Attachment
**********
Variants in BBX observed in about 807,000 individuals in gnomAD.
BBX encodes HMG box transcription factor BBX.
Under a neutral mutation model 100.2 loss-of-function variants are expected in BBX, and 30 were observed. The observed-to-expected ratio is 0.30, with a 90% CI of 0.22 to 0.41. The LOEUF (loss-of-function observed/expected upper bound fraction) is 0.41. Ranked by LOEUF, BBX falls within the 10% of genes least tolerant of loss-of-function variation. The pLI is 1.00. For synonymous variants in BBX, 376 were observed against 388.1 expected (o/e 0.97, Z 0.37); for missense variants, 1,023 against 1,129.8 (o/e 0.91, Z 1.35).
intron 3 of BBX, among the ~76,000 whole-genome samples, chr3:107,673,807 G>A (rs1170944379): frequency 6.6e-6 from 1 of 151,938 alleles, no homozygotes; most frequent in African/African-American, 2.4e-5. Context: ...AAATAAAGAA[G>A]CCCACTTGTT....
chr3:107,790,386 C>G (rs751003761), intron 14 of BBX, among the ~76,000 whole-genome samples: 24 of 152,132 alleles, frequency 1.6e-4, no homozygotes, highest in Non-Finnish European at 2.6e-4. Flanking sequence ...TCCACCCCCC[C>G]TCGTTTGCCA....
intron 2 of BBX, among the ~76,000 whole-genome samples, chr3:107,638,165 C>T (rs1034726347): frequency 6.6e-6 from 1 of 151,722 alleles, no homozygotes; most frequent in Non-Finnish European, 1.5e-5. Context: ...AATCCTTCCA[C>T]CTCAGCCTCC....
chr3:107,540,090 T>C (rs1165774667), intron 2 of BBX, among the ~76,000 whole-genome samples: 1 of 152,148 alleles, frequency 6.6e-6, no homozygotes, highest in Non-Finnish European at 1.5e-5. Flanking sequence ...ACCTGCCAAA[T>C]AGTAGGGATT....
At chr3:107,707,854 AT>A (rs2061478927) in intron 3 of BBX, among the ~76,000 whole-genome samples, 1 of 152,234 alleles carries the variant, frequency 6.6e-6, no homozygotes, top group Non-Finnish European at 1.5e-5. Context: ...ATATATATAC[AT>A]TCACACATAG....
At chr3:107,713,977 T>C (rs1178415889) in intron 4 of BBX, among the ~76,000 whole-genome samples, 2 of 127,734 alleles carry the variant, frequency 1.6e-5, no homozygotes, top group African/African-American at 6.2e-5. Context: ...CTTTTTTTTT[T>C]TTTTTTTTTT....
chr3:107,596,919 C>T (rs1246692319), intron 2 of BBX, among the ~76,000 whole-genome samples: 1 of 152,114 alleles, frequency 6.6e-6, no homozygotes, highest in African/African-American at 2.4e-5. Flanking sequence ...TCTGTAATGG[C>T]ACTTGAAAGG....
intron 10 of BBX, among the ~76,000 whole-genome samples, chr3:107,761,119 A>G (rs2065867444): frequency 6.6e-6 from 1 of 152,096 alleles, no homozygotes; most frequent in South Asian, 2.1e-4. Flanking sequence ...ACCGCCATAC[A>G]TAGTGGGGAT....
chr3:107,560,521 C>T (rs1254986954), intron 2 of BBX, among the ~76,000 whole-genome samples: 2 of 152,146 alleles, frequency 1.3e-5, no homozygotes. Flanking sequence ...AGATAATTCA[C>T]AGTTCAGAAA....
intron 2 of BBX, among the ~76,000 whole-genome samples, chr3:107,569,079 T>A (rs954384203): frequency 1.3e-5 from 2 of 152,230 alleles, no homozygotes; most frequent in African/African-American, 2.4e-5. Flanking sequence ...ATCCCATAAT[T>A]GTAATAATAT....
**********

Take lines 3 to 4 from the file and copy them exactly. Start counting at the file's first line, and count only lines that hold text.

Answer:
Under a neutral mutation model 100.2 loss-of-function variants are expected in BBX, and 30 were observed. The observed-to-expected ratio is 0.30, with a 90% CI of 0.22 to 0.41. The LOEUF (loss-of-function observed/expected upper bound fraction) is 0.41. Ranked by LOEUF, BBX falls within the 10% of genes least tolerant of loss-of-function variation. The pLI is 1.00. For synonymous variants in BBX, 376 were observed against 388.1 expected (o/e 0.97, Z 0.37); for missense variants, 1,023 against 1,129.8 (o/e 0.91, Z 1.35).
intron 3 of BBX, among the ~76,000 whole-genome samples, chr3:107,673,807 G>A (rs1170944379): frequency 6.6e-6 from 1 of 151,938 alleles, no homozygotes; most frequent in African/African-American, 2.4e-5. Context: ...AAATAAAGAA[G>A]CCCACTTGTT....